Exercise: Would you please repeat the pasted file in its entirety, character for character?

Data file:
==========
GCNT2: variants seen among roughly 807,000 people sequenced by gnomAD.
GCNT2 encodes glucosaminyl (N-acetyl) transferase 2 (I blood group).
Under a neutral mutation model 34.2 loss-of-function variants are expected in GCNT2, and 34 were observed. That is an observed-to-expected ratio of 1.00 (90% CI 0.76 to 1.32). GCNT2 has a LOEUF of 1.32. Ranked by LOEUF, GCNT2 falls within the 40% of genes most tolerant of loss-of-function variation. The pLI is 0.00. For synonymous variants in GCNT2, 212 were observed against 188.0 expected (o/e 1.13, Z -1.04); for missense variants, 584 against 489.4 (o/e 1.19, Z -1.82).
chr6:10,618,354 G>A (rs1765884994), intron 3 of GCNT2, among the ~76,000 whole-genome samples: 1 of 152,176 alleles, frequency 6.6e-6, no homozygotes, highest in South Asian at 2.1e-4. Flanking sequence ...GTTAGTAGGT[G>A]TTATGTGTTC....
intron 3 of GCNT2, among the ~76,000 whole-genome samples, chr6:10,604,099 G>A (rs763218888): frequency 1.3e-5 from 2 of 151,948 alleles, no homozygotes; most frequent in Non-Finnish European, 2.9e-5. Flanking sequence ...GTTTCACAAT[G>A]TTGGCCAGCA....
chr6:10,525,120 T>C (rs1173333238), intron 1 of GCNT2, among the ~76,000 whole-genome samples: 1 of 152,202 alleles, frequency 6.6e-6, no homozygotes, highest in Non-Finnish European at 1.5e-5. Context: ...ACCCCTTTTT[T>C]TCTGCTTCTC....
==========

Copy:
GCNT2: variants seen among roughly 807,000 people sequenced by gnomAD.
GCNT2 encodes glucosaminyl (N-acetyl) transferase 2 (I blood group).
Under a neutral mutation model 34.2 loss-of-function variants are expected in GCNT2, and 34 were observed. That is an observed-to-expected ratio of 1.00 (90% CI 0.76 to 1.32). GCNT2 has a LOEUF of 1.32. Ranked by LOEUF, GCNT2 falls within the 40% of genes most tolerant of loss-of-function variation. The pLI is 0.00. For synonymous variants in GCNT2, 212 were observed against 188.0 expected (o/e 1.13, Z -1.04); for missense variants, 584 against 489.4 (o/e 1.19, Z -1.82).
chr6:10,618,354 G>A (rs1765884994), intron 3 of GCNT2, among the ~76,000 whole-genome samples: 1 of 152,176 alleles, frequency 6.6e-6, no homozygotes, highest in South Asian at 2.1e-4. Flanking sequence ...GTTAGTAGGT[G>A]TTATGTGTTC....
intron 3 of GCNT2, among the ~76,000 whole-genome samples, chr6:10,604,099 G>A (rs763218888): frequency 1.3e-5 from 2 of 151,948 alleles, no homozygotes; most frequent in Non-Finnish European, 2.9e-5. Flanking sequence ...GTTTCACAAT[G>A]TTGGCCAGCA....
chr6:10,525,120 T>C (rs1173333238), intron 1 of GCNT2, among the ~76,000 whole-genome samples: 1 of 152,202 alleles, frequency 6.6e-6, no homozygotes, highest in Non-Finnish European at 1.5e-5. Context: ...ACCCCTTTTT[T>C]TCTGCTTCTC....